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The establishment of the Royal Commission into Institutional Responses to Child Sexual Abuse followed years of lobbying by survivor groups, damning findings from previous inquiries, and increasing societal recognition of the often lifelong and intergenerational damage caused by child sexual abuse. Through extensive media coverage, the Royal Commission brought into public view the reality that the sexual abuse of children was widespread, and its recommendations are prompting organisational, policy, and legislative reform. This article explores the background to the Royal Commission, situating it within the history of previous inquiries and growing community outrage at the failure of institutions to adequately protect children and respond appropriately when abuse occurs. The article explores the ways in which the Royal Commission, more so than previous inquiries, brought child sexual abuse into public discourse. It also serves as an introduction to this special issue of the Journal of Australian Studies, which illustrates how the Royal Commission has fostered new scholarship across a range of disciplines as researchers engage with complex issues related to institutional child sexual abuse, its history, causes, impacts, and the important role of inquiries in confronting it.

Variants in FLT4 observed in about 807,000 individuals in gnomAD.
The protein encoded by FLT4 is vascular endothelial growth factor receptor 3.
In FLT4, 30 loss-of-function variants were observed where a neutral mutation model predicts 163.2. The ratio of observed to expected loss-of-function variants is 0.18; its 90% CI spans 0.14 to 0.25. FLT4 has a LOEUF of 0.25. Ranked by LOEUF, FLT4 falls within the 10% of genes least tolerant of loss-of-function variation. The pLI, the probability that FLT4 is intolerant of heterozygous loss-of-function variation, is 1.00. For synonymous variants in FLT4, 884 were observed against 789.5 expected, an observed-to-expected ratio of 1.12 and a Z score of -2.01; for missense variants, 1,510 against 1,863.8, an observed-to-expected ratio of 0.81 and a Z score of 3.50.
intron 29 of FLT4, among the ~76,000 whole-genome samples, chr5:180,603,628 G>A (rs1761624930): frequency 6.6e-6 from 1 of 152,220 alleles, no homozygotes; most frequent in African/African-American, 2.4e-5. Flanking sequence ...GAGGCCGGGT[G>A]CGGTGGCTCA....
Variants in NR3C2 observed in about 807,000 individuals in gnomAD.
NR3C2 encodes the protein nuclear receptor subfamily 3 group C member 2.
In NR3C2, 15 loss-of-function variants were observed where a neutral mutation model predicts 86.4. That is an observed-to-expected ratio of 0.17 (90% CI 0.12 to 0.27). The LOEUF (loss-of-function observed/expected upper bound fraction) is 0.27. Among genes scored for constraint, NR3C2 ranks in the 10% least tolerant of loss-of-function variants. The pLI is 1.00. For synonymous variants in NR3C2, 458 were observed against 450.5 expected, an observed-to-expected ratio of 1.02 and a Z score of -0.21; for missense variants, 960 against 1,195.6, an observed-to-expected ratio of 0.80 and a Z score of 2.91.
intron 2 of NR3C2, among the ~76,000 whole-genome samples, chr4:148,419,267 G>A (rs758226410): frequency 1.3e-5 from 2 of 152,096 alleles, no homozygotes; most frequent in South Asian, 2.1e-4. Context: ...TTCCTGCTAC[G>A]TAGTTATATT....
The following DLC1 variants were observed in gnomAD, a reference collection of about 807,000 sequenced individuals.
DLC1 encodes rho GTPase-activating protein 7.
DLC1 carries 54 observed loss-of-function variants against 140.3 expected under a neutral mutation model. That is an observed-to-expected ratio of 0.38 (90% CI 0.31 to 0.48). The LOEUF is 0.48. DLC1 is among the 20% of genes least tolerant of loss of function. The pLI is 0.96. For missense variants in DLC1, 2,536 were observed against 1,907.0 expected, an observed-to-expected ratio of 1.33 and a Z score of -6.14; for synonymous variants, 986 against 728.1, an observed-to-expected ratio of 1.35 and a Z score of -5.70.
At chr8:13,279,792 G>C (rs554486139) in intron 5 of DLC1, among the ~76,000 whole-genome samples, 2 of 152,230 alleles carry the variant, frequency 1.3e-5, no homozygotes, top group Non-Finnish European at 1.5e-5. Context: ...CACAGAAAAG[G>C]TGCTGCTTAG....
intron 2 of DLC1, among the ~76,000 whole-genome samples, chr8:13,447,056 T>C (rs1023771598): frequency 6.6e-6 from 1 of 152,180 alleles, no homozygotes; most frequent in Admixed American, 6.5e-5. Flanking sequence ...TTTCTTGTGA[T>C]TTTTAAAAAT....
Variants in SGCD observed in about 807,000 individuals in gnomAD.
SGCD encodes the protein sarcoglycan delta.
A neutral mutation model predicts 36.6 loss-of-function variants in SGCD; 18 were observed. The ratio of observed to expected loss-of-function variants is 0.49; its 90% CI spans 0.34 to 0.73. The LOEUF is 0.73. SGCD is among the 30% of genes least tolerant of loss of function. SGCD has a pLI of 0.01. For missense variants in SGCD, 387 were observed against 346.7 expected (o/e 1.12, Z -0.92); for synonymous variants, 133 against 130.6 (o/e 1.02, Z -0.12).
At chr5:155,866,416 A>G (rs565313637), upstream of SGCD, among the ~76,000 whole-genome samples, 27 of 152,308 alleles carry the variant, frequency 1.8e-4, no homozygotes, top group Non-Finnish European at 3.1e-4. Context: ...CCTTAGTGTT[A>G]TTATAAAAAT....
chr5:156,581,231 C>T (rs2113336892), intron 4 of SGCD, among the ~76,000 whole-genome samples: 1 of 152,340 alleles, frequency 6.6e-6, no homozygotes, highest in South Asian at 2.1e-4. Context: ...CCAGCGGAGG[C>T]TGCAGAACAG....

School of Arts

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Journal Article

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